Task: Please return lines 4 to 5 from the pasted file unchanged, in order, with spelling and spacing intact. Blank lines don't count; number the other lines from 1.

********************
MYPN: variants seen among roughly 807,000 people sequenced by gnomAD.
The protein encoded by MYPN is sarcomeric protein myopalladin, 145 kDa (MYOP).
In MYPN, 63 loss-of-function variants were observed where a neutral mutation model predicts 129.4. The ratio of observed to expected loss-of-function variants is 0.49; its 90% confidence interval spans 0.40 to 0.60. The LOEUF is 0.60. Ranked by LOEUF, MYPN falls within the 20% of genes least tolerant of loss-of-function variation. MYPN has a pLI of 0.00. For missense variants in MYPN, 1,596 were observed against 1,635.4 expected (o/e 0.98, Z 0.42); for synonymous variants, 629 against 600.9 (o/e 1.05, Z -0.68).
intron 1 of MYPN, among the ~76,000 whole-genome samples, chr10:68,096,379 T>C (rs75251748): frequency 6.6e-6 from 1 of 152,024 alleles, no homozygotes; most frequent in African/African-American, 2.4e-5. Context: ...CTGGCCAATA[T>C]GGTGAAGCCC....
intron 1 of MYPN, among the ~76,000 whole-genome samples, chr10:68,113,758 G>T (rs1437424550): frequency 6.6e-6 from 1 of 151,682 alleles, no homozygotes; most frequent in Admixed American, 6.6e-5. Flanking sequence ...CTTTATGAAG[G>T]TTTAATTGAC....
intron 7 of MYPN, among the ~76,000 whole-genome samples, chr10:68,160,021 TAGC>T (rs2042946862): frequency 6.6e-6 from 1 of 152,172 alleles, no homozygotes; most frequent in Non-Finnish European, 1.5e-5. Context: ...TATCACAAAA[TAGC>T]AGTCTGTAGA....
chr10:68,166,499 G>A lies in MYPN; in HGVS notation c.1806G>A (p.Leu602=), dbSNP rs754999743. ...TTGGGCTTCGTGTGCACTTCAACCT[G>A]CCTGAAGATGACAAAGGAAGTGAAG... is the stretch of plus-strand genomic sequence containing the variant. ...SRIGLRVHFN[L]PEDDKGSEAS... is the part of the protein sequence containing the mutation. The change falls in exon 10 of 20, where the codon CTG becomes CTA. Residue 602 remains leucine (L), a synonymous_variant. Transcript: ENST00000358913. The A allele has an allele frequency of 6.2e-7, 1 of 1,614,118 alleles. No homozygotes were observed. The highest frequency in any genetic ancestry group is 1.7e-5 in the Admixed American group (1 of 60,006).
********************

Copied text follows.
intron 1 of MYPN, among the ~76,000 whole-genome samples, chr10:68,096,379 T>C (rs75251748): frequency 6.6e-6 from 1 of 152,024 alleles, no homozygotes; most frequent in African/African-American, 2.4e-5. Context: ...CTGGCCAATA[T>C]GGTGAAGCCC....
intron 1 of MYPN, among the ~76,000 whole-genome samples, chr10:68,113,758 G>T (rs1437424550): frequency 6.6e-6 from 1 of 151,682 alleles, no homozygotes; most frequent in Admixed American, 6.6e-5. Flanking sequence ...CTTTATGAAG[G>T]TTTAATTGAC....